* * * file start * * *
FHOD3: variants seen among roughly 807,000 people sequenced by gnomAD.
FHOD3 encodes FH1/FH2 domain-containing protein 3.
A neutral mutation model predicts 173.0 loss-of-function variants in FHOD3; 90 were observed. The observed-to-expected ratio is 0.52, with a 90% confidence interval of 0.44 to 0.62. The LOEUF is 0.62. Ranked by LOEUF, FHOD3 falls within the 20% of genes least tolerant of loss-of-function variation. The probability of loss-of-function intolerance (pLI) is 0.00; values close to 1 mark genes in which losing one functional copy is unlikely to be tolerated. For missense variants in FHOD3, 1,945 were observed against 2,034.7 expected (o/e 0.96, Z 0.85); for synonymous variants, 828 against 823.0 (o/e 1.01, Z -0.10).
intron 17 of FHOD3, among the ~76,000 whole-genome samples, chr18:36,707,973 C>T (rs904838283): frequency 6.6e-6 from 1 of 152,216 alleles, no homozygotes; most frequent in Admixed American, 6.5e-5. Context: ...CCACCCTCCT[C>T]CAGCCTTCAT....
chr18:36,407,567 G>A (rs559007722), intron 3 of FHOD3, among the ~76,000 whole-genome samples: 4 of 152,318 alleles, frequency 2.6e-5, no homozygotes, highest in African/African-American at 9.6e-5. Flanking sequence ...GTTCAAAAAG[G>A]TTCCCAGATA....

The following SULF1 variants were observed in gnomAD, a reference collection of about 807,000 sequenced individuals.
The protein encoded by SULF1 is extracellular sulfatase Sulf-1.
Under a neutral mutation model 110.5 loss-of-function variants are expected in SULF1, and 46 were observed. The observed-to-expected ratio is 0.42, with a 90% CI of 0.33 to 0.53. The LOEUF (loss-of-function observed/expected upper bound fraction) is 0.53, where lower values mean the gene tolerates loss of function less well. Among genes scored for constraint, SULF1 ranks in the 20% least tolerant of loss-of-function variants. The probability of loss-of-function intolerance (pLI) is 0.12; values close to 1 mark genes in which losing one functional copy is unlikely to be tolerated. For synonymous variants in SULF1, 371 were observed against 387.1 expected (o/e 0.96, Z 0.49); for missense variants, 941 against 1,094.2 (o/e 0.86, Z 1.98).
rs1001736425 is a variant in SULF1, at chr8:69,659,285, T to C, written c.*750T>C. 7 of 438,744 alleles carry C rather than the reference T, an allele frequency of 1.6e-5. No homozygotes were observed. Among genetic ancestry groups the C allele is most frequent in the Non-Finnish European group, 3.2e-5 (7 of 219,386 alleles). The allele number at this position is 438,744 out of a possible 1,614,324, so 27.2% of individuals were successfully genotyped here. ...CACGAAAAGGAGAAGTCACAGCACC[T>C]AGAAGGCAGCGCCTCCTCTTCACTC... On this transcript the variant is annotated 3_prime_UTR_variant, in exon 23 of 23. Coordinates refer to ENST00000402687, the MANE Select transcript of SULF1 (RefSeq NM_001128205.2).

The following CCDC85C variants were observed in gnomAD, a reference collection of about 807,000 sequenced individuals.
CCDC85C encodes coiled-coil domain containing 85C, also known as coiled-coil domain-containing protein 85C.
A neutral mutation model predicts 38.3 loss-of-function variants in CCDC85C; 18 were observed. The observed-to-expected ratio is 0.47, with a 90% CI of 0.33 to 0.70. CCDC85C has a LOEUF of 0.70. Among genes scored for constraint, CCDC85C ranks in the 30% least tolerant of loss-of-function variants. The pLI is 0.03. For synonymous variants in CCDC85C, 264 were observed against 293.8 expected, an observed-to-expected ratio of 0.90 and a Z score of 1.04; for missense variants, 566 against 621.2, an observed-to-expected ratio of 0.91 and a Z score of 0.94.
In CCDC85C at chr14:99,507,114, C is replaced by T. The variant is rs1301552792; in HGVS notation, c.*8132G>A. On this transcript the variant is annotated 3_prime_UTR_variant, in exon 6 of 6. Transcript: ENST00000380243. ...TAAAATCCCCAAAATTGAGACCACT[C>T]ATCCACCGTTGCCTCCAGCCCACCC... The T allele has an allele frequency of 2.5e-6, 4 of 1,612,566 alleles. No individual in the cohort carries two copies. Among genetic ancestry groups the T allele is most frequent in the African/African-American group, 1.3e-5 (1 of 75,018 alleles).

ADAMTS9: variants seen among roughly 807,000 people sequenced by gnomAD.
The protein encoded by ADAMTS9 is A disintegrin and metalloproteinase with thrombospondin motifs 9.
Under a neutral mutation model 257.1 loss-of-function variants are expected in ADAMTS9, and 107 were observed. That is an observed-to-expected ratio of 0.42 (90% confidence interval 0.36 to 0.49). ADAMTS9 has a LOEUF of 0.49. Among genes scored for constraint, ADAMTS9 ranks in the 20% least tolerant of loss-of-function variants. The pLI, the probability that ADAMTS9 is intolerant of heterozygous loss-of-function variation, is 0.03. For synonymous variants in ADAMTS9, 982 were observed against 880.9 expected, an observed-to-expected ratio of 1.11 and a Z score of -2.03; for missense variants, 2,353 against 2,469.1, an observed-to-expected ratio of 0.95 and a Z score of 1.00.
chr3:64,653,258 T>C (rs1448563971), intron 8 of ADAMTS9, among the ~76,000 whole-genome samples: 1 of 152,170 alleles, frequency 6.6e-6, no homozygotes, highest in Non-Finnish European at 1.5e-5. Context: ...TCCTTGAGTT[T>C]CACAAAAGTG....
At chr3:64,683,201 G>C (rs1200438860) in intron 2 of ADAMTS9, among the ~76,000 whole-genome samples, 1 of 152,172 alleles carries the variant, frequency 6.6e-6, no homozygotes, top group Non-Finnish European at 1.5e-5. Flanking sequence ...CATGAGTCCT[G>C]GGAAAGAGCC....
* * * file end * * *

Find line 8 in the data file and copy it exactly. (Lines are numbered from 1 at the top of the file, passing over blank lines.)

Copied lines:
Under a neutral mutation model 110.5 loss-of-function variants are expected in SULF1, and 46 were observed. The observed-to-expected ratio is 0.42, with a 90% CI of 0.33 to 0.53. The LOEUF (loss-of-function observed/expected upper bound fraction) is 0.53, where lower values mean the gene tolerates loss of function less well. Among genes scored for constraint, SULF1 ranks in the 20% least tolerant of loss-of-function variants. The probability of loss-of-function intolerance (pLI) is 0.12; values close to 1 mark genes in which losing one functional copy is unlikely to be tolerated. For synonymous variants in SULF1, 371 were observed against 387.1 expected (o/e 0.96, Z 0.49); for missense variants, 941 against 1,094.2 (o/e 0.86, Z 1.98).